During a recent corporate summit, I had the opportunity to listen to Peter Coffee (VP for Strategic Research at Salesforce) give an impressive keynote address. At one point in the presentation, he made the comment that IT needs to have both sprinters and distance runners to be successful. Reflecting upon Peter's comment a little further, I believe Information Technology (IT) is actually more like a track team — containing more than just sprinters and distance runners.
Sprinters — Agile Teams
In my view, agile development teams hold the role of sprinters on our metaphorical track team. They are focused on providing results from the starting block (of their sprint) to the finish line. I had the opportunity to assist Mike Davidson and his top-ranked track team for a few years. I noticed how his coaches reviewed each race on a nearly a frame-by-frame basis. They were looking for ways they could improve for the next race - similar to how agile teams attend retrospectives after their iteration is complete. Like sprinters try to improve their time, agile teams continue to improve their velocity and productivity.
Distance Runners — DevOps
The role of the distance runners is often covered by DevOps. The DevOps team maintains the mindset that their contribution is not a short burst of excitement, but a long-term event where quality results are not expected, but are required. Like any distance race, runners have to be prepared for the unexpected — which is no different in the world of Dev Ops today. Without warning, a key piece of the puzzle could become broken or missing and it is up to the Dev Ops team to resolve the issue quickly.
Relay — Enterprise Integration
One of my favorite track events has to be the 100 x 4 relay race. The race consists of four 100-meter sprinters connected with a baton that spans one lap around the track. In my view, the mentality of the race is "run as fast as possible ... or die (lose)." In the world of IT, the relay team has many parallels to the Enterprise Integration team. Enterprise Integration requires connectivity between multiple sources, with a focus on not only speed but guaranteed delivery as well. This is no different than the relay sprinter who has to reach their goal as fast as possible and make sure the baton is passed to the next runner without any issues.
Hurdlers — Application Support
The hurdle events are always exciting at a track meet - especially the 300-meter event. Here, there is the requirement for consistent performance and the athletic ability to successfully navigate over several hurdles before reaching the finish line. Application support fills that role within IT. Their primary job is to provide solid performance by being able to assist customers and partners, all the while navigating over random challenges as part of their daily routine. While the application support team realizes the hurdles are in front of them, like the track runner, they have to be prepared to allocate the necessary energy to successfully navigate through each one.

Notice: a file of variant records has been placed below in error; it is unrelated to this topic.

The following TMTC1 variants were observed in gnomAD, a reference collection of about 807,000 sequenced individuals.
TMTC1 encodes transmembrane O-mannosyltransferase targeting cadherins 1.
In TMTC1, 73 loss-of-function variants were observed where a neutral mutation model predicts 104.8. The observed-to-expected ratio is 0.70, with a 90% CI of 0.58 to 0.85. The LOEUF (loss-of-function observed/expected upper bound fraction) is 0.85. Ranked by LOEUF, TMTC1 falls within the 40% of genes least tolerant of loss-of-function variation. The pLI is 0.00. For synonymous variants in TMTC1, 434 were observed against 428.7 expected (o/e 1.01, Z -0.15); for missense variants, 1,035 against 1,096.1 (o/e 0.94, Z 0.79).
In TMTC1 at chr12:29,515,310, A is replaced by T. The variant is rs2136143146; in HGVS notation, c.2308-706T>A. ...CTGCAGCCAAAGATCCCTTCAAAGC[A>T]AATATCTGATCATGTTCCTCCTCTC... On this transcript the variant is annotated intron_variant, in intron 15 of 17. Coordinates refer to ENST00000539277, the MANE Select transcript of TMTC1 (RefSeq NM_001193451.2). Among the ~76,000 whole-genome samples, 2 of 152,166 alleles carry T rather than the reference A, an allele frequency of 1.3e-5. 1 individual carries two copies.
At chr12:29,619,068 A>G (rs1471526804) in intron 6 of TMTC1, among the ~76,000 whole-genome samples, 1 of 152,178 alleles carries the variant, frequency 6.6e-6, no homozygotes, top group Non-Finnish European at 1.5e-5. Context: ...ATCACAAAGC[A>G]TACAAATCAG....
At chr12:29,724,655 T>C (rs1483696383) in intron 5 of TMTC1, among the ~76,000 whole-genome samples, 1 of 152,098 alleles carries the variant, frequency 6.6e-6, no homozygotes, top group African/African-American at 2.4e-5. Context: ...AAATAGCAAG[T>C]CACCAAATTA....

Pole Vault — Infrastructure
Moving toward the field events, the pole vault can be easily compared to the Infrastructure team within IT. Most pole-vaulters start at a level in which they are comfortable, then continue to move the pole higher and higher throughout the meet. Advanced vaulters have the option to start at a higher point, knowing they must make it to continue. The same is true with the Infrastructure team. An application may be rolled out to a smaller group first, which allows the team to gauge and prepare for the future usage of the application. At the same time, they must be prepared to handle a big bang rollout where everyone is using the application on day one - similar to the advanced vaulter who decides to start at a challenging level. Between events, the vaulter often takes advantage of the downtime to plan their next attempt, which is similar to how Infrastructure teams use off-peak times to plan for the next challenging application.
Hammer Throw — Big Data
Big Data seems to be a strong match for the hammer throw on our metaphorical track team. In the hammer throw event, there is a huge green field before the thrower. Their goal is to maximize the distance of their toss, landing at a far-reaching space in play for measurement. Big Data often has a mountain of data to analyze, which could be represented as the playing field. They often have to find that proverbial needle in the haystack of information that can help businesses gain a slight advantage. While the approach to reach that point doesn't follow the same approach as the hammer throw, the end-result is very close — where that one spot in the huge open area is being analyzed for a competitive advantage.
My analogy of comparing IT to a track team may not match every reader’s point of view. However, I do hope to spark the realization that IT requires different skills or approaches to meet their daily needs. If you wondered where the managers, VPs and C-level executives fit in to this model, they are (without a doubt) the coaches of the track team. After all, they have a vested interested in every event — making sure we are doing our best to win each and every race.
Have a really great day!